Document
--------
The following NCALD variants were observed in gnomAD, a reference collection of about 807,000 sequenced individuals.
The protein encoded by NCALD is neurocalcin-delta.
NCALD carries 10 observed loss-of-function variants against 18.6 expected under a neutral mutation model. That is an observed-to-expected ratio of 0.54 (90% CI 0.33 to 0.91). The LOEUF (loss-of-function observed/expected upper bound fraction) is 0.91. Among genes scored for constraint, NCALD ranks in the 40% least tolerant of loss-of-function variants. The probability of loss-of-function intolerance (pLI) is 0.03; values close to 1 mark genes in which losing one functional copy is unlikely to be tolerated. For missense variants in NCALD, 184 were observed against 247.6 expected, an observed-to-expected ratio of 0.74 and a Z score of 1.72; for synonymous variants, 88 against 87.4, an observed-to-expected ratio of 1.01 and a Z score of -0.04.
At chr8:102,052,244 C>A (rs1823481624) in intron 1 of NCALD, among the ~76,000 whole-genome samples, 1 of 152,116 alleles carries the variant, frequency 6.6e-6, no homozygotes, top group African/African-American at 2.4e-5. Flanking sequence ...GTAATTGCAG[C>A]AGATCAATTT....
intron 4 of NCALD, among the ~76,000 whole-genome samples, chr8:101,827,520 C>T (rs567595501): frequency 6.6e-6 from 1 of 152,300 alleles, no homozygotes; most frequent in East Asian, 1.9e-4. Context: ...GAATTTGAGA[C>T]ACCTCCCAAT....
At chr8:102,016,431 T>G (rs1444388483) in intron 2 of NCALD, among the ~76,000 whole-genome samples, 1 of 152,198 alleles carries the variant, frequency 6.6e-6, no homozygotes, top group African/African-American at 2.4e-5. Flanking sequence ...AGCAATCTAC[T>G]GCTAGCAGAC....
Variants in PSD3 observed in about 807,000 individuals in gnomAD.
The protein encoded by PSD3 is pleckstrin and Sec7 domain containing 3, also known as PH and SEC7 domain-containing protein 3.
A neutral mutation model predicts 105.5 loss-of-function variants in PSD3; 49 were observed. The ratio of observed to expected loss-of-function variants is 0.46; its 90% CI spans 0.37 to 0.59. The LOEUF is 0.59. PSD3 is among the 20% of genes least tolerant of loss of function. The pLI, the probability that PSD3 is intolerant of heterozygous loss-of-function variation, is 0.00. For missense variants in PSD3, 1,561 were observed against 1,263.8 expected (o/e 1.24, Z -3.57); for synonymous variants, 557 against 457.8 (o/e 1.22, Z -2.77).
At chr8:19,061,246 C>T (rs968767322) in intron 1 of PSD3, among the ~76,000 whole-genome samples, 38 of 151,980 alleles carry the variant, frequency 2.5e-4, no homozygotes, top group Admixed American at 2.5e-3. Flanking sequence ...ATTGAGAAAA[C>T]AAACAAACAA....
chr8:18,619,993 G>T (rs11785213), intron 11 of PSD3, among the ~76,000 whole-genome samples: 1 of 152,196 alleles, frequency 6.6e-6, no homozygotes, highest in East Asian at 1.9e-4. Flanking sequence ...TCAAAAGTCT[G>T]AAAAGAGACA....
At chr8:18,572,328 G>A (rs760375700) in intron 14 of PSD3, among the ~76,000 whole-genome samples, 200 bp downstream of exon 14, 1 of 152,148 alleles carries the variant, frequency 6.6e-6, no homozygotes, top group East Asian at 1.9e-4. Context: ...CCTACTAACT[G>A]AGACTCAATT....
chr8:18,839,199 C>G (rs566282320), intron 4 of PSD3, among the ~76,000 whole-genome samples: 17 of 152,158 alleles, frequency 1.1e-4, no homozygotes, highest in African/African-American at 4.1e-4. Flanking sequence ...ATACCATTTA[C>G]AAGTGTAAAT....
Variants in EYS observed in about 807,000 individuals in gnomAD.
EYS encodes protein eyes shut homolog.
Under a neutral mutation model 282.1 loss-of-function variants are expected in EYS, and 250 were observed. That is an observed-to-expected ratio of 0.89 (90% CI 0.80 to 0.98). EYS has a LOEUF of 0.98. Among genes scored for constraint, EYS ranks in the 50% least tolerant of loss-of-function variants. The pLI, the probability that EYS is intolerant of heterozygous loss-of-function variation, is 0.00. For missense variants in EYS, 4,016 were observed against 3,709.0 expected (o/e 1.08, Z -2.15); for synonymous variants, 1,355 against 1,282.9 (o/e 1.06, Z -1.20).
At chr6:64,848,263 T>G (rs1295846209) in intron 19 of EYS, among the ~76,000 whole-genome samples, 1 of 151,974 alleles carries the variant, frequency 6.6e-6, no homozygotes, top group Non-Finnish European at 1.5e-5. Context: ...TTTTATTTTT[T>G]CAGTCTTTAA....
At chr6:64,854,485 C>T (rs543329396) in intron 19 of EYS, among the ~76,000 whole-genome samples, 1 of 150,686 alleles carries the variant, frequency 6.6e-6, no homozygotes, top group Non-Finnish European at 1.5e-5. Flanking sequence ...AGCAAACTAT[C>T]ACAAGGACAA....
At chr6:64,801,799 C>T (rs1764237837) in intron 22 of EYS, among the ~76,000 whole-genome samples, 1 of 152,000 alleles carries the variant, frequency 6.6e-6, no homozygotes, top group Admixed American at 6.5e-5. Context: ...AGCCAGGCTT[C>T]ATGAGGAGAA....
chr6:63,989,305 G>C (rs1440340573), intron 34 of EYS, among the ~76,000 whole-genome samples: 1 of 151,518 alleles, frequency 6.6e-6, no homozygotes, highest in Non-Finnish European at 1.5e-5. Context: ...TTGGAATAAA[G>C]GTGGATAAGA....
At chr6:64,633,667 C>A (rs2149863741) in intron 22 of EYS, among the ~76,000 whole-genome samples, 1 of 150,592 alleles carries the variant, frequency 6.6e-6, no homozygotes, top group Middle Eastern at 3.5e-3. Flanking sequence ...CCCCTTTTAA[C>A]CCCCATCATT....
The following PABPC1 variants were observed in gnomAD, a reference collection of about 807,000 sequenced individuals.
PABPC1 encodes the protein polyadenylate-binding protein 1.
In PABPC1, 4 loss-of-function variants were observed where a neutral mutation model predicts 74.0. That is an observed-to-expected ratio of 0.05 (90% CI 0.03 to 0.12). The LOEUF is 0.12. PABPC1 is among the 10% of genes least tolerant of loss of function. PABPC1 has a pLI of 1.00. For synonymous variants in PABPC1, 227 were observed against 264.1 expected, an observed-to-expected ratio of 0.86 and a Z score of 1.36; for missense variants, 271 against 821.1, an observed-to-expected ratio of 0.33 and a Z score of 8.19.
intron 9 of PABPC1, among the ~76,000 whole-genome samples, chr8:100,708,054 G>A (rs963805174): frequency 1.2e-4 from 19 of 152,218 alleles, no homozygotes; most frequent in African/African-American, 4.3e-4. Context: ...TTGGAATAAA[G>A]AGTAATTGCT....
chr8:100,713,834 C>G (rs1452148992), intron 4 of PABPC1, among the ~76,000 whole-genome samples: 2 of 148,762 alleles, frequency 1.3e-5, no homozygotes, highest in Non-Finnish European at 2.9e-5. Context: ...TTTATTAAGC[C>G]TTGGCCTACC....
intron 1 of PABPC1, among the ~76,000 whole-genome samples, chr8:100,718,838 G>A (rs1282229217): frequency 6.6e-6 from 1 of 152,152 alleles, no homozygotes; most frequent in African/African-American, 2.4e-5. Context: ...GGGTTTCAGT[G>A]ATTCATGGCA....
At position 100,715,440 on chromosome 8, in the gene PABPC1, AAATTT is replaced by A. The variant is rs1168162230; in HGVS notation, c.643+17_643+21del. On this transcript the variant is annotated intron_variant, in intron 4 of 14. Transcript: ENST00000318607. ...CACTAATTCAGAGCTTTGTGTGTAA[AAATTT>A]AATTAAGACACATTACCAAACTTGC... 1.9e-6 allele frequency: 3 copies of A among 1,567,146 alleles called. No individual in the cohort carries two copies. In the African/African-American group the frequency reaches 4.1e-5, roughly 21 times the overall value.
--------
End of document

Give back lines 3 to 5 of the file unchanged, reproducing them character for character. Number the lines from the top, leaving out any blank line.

NCALD carries 10 observed loss-of-function variants against 18.6 expected under a neutral mutation model. That is an observed-to-expected ratio of 0.54 (90% CI 0.33 to 0.91). The LOEUF (loss-of-function observed/expected upper bound fraction) is 0.91. Among genes scored for constraint, NCALD ranks in the 40% least tolerant of loss-of-function variants. The probability of loss-of-function intolerance (pLI) is 0.03; values close to 1 mark genes in which losing one functional copy is unlikely to be tolerated. For missense variants in NCALD, 184 were observed against 247.6 expected, an observed-to-expected ratio of 0.74 and a Z score of 1.72; for synonymous variants, 88 against 87.4, an observed-to-expected ratio of 1.01 and a Z score of -0.04.
At chr8:102,052,244 C>A (rs1823481624) in intron 1 of NCALD, among the ~76,000 whole-genome samples, 1 of 152,116 alleles carries the variant, frequency 6.6e-6, no homozygotes, top group African/African-American at 2.4e-5. Flanking sequence ...GTAATTGCAG[C>A]AGATCAATTT....
intron 4 of NCALD, among the ~76,000 whole-genome samples, chr8:101,827,520 C>T (rs567595501): frequency 6.6e-6 from 1 of 152,300 alleles, no homozygotes; most frequent in East Asian, 1.9e-4. Context: ...GAATTTGAGA[C>T]ACCTCCCAAT....